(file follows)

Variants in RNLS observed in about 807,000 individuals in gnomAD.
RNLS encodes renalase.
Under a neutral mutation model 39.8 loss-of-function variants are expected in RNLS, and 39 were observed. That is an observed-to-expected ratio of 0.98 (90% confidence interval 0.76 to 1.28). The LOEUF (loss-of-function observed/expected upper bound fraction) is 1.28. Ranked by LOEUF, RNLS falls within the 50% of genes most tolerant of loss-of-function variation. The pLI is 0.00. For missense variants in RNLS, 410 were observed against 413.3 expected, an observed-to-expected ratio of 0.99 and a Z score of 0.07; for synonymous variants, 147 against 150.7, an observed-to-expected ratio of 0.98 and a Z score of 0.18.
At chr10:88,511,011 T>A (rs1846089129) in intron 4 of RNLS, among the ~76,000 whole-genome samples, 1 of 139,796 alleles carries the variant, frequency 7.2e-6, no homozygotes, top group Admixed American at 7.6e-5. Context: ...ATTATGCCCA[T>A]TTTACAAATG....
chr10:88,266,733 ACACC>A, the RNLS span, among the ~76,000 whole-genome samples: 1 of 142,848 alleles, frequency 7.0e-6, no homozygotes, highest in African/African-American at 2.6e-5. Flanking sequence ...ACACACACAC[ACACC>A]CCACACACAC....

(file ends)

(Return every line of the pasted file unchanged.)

Variants in RNLS observed in about 807,000 individuals in gnomAD.
RNLS encodes renalase.
Under a neutral mutation model 39.8 loss-of-function variants are expected in RNLS, and 39 were observed. That is an observed-to-expected ratio of 0.98 (90% confidence interval 0.76 to 1.28). The LOEUF (loss-of-function observed/expected upper bound fraction) is 1.28. Ranked by LOEUF, RNLS falls within the 50% of genes most tolerant of loss-of-function variation. The pLI is 0.00. For missense variants in RNLS, 410 were observed against 413.3 expected, an observed-to-expected ratio of 0.99 and a Z score of 0.07; for synonymous variants, 147 against 150.7, an observed-to-expected ratio of 0.98 and a Z score of 0.18.
At chr10:88,511,011 T>A (rs1846089129) in intron 4 of RNLS, among the ~76,000 whole-genome samples, 1 of 139,796 alleles carries the variant, frequency 7.2e-6, no homozygotes, top group Admixed American at 7.6e-5. Context: ...ATTATGCCCA[T>A]TTTACAAATG....
chr10:88,266,733 ACACC>A, the RNLS span, among the ~76,000 whole-genome samples: 1 of 142,848 alleles, frequency 7.0e-6, no homozygotes, highest in African/African-American at 2.6e-5. Flanking sequence ...ACACACACAC[ACACC>A]CCACACACAC....